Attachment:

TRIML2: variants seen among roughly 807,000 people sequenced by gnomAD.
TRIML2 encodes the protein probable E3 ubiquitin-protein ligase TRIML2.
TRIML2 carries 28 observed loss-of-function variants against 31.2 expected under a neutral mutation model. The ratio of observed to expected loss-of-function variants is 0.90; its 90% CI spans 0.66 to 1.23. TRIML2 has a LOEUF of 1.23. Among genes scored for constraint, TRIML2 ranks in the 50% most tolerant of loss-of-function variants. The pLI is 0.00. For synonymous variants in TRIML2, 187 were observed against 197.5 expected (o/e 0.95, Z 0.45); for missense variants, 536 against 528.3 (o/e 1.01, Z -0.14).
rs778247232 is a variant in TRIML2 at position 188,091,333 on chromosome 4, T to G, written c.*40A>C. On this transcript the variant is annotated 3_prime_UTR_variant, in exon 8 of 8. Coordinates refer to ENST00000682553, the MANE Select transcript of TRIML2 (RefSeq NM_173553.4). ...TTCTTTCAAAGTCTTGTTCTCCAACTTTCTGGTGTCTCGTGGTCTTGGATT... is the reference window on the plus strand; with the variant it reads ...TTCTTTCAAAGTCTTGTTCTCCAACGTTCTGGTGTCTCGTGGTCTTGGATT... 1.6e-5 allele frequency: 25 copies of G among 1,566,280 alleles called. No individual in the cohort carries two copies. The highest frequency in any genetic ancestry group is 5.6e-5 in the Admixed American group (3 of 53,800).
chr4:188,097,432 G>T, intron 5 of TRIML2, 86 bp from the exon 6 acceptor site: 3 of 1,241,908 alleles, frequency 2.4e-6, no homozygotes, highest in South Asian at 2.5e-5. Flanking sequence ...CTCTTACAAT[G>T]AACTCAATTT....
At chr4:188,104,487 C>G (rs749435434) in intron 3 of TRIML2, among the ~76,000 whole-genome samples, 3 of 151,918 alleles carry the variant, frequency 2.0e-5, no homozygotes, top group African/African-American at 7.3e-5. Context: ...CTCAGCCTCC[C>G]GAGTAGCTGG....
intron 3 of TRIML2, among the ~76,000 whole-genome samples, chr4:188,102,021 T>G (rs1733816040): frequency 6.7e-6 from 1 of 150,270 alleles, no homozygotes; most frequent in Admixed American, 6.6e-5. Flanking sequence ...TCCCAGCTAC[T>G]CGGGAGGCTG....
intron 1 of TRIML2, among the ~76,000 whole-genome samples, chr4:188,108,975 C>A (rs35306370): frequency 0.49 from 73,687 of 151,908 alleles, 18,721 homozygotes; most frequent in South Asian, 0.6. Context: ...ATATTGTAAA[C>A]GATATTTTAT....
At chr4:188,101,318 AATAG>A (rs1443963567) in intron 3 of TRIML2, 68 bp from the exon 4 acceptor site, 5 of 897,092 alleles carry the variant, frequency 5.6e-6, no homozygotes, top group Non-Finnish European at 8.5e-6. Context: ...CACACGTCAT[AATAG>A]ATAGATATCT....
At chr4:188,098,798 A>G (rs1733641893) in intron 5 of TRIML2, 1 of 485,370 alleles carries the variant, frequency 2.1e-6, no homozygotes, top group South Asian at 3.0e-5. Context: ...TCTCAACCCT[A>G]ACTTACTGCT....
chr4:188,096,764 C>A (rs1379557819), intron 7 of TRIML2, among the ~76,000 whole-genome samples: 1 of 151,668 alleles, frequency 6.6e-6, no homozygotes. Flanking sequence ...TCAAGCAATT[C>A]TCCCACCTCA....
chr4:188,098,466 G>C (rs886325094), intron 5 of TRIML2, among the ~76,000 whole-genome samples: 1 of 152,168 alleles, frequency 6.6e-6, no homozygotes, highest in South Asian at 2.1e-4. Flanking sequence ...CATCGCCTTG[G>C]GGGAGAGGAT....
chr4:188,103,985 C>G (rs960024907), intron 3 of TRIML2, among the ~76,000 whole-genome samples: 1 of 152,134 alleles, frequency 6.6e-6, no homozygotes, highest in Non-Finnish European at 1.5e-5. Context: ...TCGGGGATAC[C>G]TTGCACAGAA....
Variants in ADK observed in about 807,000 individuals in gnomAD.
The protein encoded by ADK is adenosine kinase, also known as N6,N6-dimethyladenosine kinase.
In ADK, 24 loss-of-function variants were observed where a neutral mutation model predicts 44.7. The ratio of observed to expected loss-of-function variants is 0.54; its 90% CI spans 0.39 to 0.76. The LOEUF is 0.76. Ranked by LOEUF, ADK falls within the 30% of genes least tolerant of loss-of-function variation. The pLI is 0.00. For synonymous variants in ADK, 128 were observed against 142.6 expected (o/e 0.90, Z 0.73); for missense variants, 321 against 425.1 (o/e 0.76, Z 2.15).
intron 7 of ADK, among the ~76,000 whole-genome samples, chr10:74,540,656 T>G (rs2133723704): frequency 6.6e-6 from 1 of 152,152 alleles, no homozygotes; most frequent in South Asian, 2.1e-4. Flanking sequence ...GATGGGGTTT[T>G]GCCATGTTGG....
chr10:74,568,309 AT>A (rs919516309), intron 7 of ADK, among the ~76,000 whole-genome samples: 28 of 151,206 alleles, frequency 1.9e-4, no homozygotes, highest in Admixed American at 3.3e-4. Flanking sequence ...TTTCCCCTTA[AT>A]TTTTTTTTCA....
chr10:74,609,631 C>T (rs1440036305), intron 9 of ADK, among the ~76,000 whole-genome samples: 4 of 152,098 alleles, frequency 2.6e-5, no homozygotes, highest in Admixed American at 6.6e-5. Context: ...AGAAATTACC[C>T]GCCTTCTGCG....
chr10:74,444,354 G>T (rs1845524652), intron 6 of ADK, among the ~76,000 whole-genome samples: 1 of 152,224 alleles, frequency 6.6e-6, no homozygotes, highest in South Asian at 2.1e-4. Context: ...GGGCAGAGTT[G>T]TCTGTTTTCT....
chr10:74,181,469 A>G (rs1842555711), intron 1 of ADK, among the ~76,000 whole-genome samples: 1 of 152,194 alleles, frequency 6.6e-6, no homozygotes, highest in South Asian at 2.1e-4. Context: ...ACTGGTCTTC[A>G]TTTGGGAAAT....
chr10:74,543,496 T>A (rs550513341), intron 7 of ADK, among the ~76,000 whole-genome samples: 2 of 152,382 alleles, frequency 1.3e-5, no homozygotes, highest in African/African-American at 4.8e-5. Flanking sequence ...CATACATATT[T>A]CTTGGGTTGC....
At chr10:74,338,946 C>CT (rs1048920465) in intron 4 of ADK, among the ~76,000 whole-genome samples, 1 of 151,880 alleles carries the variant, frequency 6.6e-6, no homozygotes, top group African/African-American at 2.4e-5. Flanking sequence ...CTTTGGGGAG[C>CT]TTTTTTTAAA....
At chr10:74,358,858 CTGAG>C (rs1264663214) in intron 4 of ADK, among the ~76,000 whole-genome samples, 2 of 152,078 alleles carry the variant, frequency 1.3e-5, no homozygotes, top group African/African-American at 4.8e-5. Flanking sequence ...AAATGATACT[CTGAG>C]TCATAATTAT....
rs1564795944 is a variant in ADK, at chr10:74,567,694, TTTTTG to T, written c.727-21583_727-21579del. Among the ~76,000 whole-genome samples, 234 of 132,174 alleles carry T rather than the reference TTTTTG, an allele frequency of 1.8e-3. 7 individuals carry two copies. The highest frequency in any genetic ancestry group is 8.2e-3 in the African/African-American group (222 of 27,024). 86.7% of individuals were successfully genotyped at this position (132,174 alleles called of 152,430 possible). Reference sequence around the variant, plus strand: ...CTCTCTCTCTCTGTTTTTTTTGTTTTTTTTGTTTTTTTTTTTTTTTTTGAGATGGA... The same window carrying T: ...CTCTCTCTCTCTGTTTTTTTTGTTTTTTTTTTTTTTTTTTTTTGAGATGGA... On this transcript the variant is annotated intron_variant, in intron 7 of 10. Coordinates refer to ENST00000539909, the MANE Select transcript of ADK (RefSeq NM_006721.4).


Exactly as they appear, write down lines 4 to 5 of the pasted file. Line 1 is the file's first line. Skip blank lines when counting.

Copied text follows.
rs778247232 is a variant in TRIML2 at position 188,091,333 on chromosome 4, T to G, written c.*40A>C. On this transcript the variant is annotated 3_prime_UTR_variant, in exon 8 of 8. Coordinates refer to ENST00000682553, the MANE Select transcript of TRIML2 (RefSeq NM_173553.4). ...TTCTTTCAAAGTCTTGTTCTCCAACTTTCTGGTGTCTCGTGGTCTTGGATT... is the reference window on the plus strand; with the variant it reads ...TTCTTTCAAAGTCTTGTTCTCCAACGTTCTGGTGTCTCGTGGTCTTGGATT... 1.6e-5 allele frequency: 25 copies of G among 1,566,280 alleles called. No individual in the cohort carries two copies. The highest frequency in any genetic ancestry group is 5.6e-5 in the Admixed American group (3 of 53,800).
chr4:188,097,432 G>T, intron 5 of TRIML2, 86 bp from the exon 6 acceptor site: 3 of 1,241,908 alleles, frequency 2.4e-6, no homozygotes, highest in South Asian at 2.5e-5. Flanking sequence ...CTCTTACAAT[G>T]AACTCAATTT....